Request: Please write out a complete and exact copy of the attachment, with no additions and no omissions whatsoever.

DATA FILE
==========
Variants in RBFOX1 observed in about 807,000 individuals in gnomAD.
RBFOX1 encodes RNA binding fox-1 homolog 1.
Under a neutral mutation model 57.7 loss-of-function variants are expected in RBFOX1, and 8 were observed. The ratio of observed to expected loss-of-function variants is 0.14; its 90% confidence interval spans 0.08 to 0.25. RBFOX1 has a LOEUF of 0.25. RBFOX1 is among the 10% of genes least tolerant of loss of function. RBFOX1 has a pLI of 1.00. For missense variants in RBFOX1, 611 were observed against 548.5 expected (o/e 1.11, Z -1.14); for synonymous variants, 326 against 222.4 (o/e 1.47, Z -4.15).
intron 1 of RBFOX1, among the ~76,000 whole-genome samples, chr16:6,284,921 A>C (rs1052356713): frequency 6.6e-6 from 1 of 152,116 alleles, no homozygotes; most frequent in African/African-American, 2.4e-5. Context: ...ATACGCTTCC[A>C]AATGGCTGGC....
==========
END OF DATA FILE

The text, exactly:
Variants in RBFOX1 observed in about 807,000 individuals in gnomAD.
RBFOX1 encodes RNA binding fox-1 homolog 1.
Under a neutral mutation model 57.7 loss-of-function variants are expected in RBFOX1, and 8 were observed. The ratio of observed to expected loss-of-function variants is 0.14; its 90% confidence interval spans 0.08 to 0.25. RBFOX1 has a LOEUF of 0.25. RBFOX1 is among the 10% of genes least tolerant of loss of function. RBFOX1 has a pLI of 1.00. For missense variants in RBFOX1, 611 were observed against 548.5 expected (o/e 1.11, Z -1.14); for synonymous variants, 326 against 222.4 (o/e 1.47, Z -4.15).
intron 1 of RBFOX1, among the ~76,000 whole-genome samples, chr16:6,284,921 A>C (rs1052356713): frequency 6.6e-6 from 1 of 152,116 alleles, no homozygotes; most frequent in African/African-American, 2.4e-5. Context: ...ATACGCTTCC[A>C]AATGGCTGGC....